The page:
The low interest-rate environment will be crucial in helping cushion the negative impact of the coronavirus outbreak on house prices, according to the Property Investment Professionals of Australia (PIPA).

Peter Koulizos, chairperson of PIPA, said the recent rate cuts by the Reserve Bank of Australia are amongst the many financial supports available that would help prevent any significant price declines in the medium term.

"Property owners are well-placed to ride out any temporary downturn," he said.

Koulizos said the banks' offer to defer mortgage payments would also be a crucial support for property investors who are faced with financial difficulties amid the COVID-19 outbreak.

Still, Koulizos believes property prices might temporarily decline by as much as 10%, but they are poised to rebound quickly.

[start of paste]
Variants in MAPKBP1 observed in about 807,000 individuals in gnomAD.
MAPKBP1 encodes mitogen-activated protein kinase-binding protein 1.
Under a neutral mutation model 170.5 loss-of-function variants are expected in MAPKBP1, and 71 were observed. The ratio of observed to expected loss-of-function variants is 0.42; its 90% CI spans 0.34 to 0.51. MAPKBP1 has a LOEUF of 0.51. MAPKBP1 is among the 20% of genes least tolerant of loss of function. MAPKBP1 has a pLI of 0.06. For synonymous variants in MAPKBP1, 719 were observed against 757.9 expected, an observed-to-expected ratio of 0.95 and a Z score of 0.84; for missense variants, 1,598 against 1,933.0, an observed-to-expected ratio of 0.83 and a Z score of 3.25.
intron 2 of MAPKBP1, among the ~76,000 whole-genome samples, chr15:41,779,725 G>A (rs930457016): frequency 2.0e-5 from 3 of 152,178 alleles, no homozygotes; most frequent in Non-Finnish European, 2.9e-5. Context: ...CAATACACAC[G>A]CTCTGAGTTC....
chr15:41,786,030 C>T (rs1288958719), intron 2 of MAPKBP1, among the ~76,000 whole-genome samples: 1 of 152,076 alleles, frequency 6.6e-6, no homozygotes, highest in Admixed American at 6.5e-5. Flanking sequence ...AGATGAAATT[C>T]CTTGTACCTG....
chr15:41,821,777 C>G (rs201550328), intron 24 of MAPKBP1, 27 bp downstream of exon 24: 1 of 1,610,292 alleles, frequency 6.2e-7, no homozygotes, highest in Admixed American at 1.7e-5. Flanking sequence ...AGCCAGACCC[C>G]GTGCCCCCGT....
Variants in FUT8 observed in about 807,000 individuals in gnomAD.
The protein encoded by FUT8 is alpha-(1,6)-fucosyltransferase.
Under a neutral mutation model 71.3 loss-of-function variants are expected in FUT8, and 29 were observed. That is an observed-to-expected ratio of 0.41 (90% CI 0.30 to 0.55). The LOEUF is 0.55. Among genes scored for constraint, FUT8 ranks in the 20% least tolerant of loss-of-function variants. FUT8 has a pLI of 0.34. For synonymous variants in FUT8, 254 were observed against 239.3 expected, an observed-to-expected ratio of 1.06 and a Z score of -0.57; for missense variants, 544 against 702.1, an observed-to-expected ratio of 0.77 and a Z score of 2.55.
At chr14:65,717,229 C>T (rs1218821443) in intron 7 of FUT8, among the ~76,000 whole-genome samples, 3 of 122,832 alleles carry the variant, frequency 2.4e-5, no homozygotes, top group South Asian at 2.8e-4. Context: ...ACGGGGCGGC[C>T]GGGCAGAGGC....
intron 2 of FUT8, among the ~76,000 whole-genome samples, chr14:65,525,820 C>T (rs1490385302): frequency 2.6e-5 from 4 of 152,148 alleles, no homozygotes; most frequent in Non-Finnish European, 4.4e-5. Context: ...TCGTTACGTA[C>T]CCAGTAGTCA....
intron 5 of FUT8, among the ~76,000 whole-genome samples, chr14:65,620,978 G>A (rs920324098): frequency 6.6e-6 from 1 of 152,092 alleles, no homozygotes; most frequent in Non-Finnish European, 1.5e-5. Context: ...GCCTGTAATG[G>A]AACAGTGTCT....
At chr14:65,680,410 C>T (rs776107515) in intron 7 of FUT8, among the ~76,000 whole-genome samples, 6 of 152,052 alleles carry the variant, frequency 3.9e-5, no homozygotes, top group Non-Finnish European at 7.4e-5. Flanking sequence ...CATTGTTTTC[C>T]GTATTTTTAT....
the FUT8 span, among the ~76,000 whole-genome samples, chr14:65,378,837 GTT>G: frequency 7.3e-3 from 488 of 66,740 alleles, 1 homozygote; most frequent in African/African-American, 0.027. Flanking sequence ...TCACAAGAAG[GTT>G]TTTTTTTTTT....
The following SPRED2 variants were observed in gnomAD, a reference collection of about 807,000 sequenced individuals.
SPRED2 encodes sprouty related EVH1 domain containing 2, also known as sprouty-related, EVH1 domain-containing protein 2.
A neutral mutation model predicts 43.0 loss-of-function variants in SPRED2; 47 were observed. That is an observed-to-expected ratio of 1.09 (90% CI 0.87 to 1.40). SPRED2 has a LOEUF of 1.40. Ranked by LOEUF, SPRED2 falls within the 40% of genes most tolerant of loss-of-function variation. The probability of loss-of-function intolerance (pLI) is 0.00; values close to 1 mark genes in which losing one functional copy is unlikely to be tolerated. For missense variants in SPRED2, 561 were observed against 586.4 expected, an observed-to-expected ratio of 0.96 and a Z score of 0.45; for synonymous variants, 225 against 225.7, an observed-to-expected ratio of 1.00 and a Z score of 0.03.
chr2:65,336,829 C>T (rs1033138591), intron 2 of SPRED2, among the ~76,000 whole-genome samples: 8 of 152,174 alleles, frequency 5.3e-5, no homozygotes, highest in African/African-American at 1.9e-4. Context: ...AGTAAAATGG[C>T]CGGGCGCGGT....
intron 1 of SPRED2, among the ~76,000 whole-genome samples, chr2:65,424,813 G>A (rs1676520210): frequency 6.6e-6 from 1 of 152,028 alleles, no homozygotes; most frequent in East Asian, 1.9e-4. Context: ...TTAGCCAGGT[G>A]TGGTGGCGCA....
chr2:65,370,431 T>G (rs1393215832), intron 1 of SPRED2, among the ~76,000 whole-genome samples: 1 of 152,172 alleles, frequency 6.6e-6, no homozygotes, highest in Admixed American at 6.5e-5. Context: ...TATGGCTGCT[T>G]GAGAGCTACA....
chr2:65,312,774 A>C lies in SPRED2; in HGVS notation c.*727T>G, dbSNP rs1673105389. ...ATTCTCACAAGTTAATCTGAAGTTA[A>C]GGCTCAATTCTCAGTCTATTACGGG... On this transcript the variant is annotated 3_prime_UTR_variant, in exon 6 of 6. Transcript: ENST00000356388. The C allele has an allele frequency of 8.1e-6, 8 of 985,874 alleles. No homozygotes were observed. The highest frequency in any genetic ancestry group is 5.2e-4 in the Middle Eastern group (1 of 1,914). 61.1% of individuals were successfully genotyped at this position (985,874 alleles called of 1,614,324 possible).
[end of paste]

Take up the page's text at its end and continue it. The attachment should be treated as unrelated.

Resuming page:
"Whenever there is a global financial shock, some commentators predict huge property price falls, which ultimately don't happen. There may be a slight downturn in prices over the short term, but real estate is a long-term investment that has historically shown resilience time and time again," he said.

Also read: Buyer Activity Still Strong In Some Markets

However, rental markets are expected to bear the brunt of the situation, as many short-term listings are added to the supply of houses. As a result, rents will likely trend lower.

"Rental markets were in good shape prior to the pandemic, but there has been a significant number of holiday-related listings come on to the market over recent weeks, which is likely to continue for some time yet," Koulizos said.

Despite the projected decline in rent, property investors are in a good position to manage their rental income, especially with the lower mortgage costs.

"It is far better for this to happen now with most sales and rental markets in healthy shape before the crisis began," he said.

A recent report from CoreLogic found that the coronavirus outbreak has yet to pull property values down in the negative territory.

Over the 28 days ending on 21 April, prices are still 0.4% higher than a year ago. This growth, however, already reflects a moderation from the 1.1% gain in March.